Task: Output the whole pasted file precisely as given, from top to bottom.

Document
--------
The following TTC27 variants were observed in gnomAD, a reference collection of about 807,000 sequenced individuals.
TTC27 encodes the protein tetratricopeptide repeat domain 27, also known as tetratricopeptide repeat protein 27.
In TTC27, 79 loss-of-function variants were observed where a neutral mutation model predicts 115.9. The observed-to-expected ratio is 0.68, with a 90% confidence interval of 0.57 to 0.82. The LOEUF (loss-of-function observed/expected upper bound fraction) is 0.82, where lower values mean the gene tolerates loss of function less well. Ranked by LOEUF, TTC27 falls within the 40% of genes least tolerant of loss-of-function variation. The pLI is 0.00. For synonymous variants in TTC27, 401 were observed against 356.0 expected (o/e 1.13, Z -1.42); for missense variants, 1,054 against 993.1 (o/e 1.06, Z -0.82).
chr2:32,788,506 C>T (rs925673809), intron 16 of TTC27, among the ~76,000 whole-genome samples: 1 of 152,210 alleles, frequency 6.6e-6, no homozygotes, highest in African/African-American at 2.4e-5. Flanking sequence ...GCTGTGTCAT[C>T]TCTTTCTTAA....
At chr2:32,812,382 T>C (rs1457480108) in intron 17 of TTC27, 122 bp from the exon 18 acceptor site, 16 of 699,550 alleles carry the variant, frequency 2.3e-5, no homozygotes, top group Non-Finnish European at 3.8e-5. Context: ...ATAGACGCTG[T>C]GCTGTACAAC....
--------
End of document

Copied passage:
The following TTC27 variants were observed in gnomAD, a reference collection of about 807,000 sequenced individuals.
TTC27 encodes the protein tetratricopeptide repeat domain 27, also known as tetratricopeptide repeat protein 27.
In TTC27, 79 loss-of-function variants were observed where a neutral mutation model predicts 115.9. The observed-to-expected ratio is 0.68, with a 90% confidence interval of 0.57 to 0.82. The LOEUF (loss-of-function observed/expected upper bound fraction) is 0.82, where lower values mean the gene tolerates loss of function less well. Ranked by LOEUF, TTC27 falls within the 40% of genes least tolerant of loss-of-function variation. The pLI is 0.00. For synonymous variants in TTC27, 401 were observed against 356.0 expected (o/e 1.13, Z -1.42); for missense variants, 1,054 against 993.1 (o/e 1.06, Z -0.82).
chr2:32,788,506 C>T (rs925673809), intron 16 of TTC27, among the ~76,000 whole-genome samples: 1 of 152,210 alleles, frequency 6.6e-6, no homozygotes, highest in African/African-American at 2.4e-5. Flanking sequence ...GCTGTGTCAT[C>T]TCTTTCTTAA....
At chr2:32,812,382 T>C (rs1457480108) in intron 17 of TTC27, 122 bp from the exon 18 acceptor site, 16 of 699,550 alleles carry the variant, frequency 2.3e-5, no homozygotes, top group Non-Finnish European at 3.8e-5. Context: ...ATAGACGCTG[T>C]GCTGTACAAC....